Gene May Hold Key To Treating Life-Threatening Cholesterol

May 28, 1998

DALLAS, Texas, May 29, 1998 -- Findings from a study, in which a gene that speeds cholesterol metabolism was turned off, will help scientists develop better drugs for controlling life-threatening levels of the substance, researchers at UT Southwestern Medical Center at Dallas reported in the May 29 issue of Cell.

The gene that was turned off expresses liver X receptor, or LXR-alpha, a protein molecule found primarily in the nucleus of liver cells. The researchers engineered mice that lacked LXR-alpha, then fed them diets high in cholesterol. Without the receptor, the cholesterol levels in the mice rose so high it destroyed liver function. In humans, excessive amounts of cholesterol cause arteriosclerosis leading to heart attacks.

"Without LXR-alpha the animals completely lose their ability to deal with dietary cholesterol," said Dr. David Mangelsdorf, senior author of the paper, associate professor of pharmacology and Howard Hughes Medical Institute (HHMI) investigator. "We believe that this may work the same way in humans because the receptor is almost identical to the one in mice."

In normal animals, a hormone associated with cholesterol tells LXR-alpha to signal enzymes to increase the rate of cholesterol conversion to bile acid. Without LXR-alpha, this process doesn't occur, and cholesterol accumulates in the liver.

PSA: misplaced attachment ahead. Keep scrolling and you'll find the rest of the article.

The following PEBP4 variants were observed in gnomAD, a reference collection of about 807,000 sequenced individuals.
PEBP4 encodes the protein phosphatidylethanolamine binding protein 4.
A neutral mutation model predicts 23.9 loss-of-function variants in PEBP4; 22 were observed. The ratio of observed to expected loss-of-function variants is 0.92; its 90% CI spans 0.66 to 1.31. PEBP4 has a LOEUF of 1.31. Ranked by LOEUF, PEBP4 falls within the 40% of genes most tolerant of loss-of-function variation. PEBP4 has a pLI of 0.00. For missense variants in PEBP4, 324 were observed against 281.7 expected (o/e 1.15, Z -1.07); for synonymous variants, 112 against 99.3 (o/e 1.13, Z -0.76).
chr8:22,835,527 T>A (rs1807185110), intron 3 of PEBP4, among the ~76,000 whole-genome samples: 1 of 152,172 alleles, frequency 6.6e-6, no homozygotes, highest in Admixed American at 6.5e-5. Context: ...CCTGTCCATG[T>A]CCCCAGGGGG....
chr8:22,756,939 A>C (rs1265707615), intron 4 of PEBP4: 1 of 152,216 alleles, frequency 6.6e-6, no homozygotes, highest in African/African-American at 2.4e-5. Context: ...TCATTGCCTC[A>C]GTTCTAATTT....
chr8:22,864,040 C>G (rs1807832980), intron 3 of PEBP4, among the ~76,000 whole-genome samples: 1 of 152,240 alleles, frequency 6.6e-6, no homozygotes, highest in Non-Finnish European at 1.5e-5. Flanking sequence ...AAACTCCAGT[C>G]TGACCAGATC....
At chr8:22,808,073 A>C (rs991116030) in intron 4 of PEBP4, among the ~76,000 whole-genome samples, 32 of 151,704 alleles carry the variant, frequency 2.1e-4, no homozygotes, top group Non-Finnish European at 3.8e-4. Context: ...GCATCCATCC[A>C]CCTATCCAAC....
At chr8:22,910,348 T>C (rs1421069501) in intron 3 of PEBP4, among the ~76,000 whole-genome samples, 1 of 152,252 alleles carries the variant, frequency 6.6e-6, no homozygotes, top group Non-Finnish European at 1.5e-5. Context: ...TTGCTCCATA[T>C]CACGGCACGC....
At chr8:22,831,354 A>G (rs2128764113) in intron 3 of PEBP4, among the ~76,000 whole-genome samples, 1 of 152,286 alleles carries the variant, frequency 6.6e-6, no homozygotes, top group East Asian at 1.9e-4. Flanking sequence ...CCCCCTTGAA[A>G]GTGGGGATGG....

Mangelsdorf said scientists have found a perfect drug target in LXR-alpha. He plans to look for ways to biochemically design hormonal ligands that can speed metabolism and reduce dietary cholesterol levels in humans. Screening for mutations in LXR-alpha also may help identify inherited defects in cholesterol metabolism.

"This study suggests that we can develop an excellent drug to treat high levels of dietary cholesterol by altering the molecules that bind with LXR-alpha. Now we will use different levels of dietary cholesterol in longer-term studies to see if it causes atherogenesis in these genetically engineered mice," he said. "A key question is whether bile-acid synthesis is increased in humans through the same biochemical pathway as it is in mice."

The other researchers involved in the study were: Dr. Daniel Peet, HHMI associate; Dr. Stephen Turley, professor of internal medicine; Wenzhen Ma, HHMI research technician; Bethany Janowski, student research assistant in pharmacology; Dr. Jean-Marc Lobaccaro, HHMI associate; and Dr. Robert Hammer, associate professor of biochemistry and HHMI senior associate.

The Robert A. Welch Foundation, the Moss Heart Fund and the U.S. Public Health Service funded the study.

UT Southwestern Medical Center

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